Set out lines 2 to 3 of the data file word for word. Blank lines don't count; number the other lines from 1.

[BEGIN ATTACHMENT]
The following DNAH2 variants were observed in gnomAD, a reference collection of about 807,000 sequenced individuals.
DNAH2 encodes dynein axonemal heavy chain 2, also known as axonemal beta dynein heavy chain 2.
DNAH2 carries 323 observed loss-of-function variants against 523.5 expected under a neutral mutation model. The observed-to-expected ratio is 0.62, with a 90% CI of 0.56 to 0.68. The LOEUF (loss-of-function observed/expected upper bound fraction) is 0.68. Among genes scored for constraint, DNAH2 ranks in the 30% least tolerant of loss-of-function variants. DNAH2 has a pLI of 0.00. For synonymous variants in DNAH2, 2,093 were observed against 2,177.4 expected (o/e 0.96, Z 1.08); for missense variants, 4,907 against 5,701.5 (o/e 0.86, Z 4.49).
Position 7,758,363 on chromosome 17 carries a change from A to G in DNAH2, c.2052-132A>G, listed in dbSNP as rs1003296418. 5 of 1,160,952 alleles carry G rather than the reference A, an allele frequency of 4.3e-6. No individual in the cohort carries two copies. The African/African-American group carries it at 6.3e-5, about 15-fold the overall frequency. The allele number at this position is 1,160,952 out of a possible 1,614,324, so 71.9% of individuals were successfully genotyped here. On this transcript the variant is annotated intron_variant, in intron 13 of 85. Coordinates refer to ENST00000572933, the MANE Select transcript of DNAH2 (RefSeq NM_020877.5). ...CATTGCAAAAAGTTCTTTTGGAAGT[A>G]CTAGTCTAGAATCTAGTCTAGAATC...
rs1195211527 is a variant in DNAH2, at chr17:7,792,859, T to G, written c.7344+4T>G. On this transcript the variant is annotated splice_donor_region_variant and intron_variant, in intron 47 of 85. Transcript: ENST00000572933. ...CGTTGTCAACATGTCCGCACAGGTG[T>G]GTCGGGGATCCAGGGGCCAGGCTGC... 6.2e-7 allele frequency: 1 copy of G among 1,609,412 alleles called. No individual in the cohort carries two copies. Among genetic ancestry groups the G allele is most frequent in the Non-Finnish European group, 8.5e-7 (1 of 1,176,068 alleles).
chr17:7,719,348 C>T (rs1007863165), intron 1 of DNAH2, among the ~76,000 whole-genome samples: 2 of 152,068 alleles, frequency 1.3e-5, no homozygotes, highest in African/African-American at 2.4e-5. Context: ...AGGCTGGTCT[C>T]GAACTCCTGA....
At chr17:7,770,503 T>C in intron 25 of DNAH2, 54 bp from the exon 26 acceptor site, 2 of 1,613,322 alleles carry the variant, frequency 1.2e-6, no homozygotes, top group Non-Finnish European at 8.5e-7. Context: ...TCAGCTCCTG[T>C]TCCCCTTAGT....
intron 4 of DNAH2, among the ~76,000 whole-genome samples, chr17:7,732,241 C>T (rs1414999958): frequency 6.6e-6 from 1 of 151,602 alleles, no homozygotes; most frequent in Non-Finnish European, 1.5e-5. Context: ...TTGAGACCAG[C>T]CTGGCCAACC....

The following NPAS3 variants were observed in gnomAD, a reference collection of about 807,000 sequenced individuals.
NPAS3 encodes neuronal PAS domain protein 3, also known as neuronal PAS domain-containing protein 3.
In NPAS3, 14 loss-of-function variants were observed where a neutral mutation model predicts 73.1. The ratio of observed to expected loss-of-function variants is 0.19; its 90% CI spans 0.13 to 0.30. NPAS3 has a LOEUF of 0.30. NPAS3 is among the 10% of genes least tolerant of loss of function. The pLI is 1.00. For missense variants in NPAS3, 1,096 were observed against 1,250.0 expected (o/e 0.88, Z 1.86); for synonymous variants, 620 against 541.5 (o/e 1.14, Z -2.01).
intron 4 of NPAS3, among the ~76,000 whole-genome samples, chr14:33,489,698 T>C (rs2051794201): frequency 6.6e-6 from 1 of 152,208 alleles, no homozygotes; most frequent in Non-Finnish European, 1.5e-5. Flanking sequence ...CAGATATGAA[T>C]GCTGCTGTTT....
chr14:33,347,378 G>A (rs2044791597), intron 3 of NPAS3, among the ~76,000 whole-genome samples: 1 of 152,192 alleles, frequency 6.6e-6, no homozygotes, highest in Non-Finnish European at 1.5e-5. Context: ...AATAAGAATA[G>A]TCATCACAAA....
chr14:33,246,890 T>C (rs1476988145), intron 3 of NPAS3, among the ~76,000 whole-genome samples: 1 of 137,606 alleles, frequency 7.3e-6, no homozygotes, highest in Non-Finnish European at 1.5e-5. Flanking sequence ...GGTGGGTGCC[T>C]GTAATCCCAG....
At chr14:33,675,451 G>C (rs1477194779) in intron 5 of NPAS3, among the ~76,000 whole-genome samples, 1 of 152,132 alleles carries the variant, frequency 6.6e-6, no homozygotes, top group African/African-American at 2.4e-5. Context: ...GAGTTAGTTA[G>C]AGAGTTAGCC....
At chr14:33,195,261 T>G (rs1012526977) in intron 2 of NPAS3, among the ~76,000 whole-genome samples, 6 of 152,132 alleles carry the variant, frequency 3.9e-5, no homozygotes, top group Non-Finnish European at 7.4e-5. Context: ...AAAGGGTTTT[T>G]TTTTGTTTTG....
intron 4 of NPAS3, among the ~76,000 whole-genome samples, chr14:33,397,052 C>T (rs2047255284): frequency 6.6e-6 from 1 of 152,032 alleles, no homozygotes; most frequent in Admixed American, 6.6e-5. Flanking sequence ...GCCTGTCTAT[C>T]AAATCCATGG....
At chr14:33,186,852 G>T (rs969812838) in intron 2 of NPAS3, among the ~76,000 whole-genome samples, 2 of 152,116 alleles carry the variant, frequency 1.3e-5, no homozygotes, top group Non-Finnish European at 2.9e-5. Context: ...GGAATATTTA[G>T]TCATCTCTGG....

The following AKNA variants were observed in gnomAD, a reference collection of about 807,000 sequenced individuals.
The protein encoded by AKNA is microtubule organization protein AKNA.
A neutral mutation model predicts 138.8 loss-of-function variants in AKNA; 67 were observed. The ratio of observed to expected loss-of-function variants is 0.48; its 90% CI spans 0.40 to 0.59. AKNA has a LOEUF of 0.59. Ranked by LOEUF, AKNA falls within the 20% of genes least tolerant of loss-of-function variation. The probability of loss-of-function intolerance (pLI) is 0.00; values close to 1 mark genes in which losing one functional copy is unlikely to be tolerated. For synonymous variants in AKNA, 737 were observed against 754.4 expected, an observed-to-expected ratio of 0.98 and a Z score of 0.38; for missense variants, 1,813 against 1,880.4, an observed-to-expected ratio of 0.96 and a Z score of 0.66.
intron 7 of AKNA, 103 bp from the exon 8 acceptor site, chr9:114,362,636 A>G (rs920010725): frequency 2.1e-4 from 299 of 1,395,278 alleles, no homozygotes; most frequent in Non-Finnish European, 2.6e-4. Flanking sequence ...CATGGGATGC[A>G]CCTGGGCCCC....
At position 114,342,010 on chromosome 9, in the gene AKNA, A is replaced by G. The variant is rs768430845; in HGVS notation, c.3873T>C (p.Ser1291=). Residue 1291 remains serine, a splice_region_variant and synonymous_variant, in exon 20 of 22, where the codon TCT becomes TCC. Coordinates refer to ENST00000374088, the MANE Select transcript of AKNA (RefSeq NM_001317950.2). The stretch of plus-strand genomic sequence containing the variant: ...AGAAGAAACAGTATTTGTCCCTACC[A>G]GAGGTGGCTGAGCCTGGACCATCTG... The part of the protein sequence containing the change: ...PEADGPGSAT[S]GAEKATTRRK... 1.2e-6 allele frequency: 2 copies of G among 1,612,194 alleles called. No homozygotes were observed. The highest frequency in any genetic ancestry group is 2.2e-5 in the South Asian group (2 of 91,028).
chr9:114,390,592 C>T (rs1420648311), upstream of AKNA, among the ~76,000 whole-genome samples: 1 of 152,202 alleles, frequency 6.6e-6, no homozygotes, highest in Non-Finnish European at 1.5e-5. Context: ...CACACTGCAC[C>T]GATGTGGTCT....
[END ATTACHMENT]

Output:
DNAH2 encodes dynein axonemal heavy chain 2, also known as axonemal beta dynein heavy chain 2.
DNAH2 carries 323 observed loss-of-function variants against 523.5 expected under a neutral mutation model. The observed-to-expected ratio is 0.62, with a 90% CI of 0.56 to 0.68. The LOEUF (loss-of-function observed/expected upper bound fraction) is 0.68. Among genes scored for constraint, DNAH2 ranks in the 30% least tolerant of loss-of-function variants. DNAH2 has a pLI of 0.00. For synonymous variants in DNAH2, 2,093 were observed against 2,177.4 expected (o/e 0.96, Z 1.08); for missense variants, 4,907 against 5,701.5 (o/e 0.86, Z 4.49).